by W. David Klemperer
New York: McGraw-Hill, Inc., 1996, $62.91 cloth. 551pp.
The audience for this book is undergraduate forestry students and practicing foresters. It is written at a level that assumes a minimum background of high school algebra, elementary statistics, and one semester of microeconomics.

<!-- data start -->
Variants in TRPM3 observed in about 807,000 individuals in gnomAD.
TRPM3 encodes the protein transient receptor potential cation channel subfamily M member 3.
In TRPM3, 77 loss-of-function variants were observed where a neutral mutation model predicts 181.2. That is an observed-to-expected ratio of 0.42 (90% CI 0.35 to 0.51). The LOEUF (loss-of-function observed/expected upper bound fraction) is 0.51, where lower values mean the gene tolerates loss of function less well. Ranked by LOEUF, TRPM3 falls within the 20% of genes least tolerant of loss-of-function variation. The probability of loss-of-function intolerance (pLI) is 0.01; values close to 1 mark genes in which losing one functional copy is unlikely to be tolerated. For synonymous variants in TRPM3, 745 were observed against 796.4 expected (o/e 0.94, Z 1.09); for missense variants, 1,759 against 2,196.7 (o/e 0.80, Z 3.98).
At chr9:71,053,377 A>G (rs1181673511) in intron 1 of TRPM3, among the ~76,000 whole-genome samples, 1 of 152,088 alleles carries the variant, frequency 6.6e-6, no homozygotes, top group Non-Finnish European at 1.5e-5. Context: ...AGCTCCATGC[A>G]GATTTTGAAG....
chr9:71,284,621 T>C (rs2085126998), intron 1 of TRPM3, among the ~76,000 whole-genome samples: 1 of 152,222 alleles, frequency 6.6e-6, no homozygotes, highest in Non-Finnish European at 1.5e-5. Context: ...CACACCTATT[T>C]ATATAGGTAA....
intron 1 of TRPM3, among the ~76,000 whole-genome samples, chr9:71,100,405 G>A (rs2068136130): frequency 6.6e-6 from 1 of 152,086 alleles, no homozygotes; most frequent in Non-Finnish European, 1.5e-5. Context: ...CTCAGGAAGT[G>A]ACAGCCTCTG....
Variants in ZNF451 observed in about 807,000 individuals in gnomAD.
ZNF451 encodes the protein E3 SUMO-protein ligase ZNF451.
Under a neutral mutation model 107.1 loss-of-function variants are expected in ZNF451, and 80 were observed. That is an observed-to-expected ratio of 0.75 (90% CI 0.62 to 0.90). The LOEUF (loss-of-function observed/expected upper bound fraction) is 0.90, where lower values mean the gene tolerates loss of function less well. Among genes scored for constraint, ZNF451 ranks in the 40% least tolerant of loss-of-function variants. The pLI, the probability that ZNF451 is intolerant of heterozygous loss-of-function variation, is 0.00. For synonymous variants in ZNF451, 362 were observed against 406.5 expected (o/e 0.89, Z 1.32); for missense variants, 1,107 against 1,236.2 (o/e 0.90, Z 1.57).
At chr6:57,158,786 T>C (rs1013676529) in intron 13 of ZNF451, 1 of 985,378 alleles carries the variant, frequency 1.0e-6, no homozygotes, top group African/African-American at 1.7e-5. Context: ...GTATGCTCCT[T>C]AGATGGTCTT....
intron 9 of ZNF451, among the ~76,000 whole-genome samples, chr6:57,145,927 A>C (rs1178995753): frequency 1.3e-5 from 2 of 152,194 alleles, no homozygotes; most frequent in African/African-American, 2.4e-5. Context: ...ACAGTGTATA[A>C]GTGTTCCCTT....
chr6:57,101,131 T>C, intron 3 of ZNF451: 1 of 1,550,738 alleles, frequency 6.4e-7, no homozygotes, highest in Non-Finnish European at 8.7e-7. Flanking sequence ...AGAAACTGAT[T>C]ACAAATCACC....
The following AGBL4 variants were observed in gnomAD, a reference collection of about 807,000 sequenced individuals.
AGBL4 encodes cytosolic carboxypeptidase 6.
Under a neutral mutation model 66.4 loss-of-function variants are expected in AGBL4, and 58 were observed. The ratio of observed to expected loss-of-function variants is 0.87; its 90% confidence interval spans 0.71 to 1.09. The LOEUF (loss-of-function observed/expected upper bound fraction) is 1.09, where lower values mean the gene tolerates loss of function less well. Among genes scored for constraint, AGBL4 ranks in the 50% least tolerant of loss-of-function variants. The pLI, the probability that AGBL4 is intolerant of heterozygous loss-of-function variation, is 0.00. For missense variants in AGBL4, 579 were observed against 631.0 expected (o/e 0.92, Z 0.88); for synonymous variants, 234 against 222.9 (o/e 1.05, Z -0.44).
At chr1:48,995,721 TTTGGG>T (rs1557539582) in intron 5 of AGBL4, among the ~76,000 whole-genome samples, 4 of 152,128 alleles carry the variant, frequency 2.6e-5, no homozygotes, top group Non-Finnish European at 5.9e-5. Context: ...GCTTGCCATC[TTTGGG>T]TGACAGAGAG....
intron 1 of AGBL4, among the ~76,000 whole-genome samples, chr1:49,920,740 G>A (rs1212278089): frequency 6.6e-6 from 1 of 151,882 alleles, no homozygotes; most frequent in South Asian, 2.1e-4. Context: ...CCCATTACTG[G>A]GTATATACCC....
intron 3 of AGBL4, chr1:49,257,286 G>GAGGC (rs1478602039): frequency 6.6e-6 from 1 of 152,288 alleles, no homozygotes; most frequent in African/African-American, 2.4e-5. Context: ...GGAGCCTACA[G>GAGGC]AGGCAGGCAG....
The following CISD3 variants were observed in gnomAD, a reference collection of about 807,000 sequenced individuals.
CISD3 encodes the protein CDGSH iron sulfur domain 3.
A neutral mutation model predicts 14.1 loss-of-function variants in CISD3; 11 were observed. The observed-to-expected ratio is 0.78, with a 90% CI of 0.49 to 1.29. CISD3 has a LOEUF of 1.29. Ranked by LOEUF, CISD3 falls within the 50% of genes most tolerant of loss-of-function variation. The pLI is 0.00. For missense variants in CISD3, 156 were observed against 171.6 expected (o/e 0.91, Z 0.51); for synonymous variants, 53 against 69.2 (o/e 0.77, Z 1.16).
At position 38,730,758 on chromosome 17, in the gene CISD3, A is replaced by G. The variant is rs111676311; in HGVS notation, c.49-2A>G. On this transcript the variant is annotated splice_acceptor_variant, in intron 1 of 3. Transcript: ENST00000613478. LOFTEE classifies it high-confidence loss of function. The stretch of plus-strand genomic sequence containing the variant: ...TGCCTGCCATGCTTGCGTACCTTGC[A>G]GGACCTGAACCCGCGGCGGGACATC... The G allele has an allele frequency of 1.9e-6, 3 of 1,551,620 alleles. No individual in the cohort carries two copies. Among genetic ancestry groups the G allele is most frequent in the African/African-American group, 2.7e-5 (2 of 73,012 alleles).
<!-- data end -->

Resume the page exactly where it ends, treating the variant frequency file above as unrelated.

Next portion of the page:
The book is divided into seventeen chapters but there is no grouping of chapters into larger divisions such as sections or parts. The introductory chapter begins by pointing out the aspects of forests and forestry that economists have argued make application of economic principles challenging; for example, the long time periods for timber production, the tree being both the means and the output of the timber production process, the wide range of outputs that can be produced simultaneously from forests, and the great potential for both positive and negative externalities associated with forest resource management and utilization. Klemperer argues that economics is a way of thinking about problems and issues, and illustrates the commonly understood, but narrow and incorrect, public perception of economics as involving only values measured in dollars with a quote from Aldo Leopold taken from A Sand County Almanac. Considering the esteem in which foresters and other natural resource specialists hold Leopold, this would seem to be dangerous …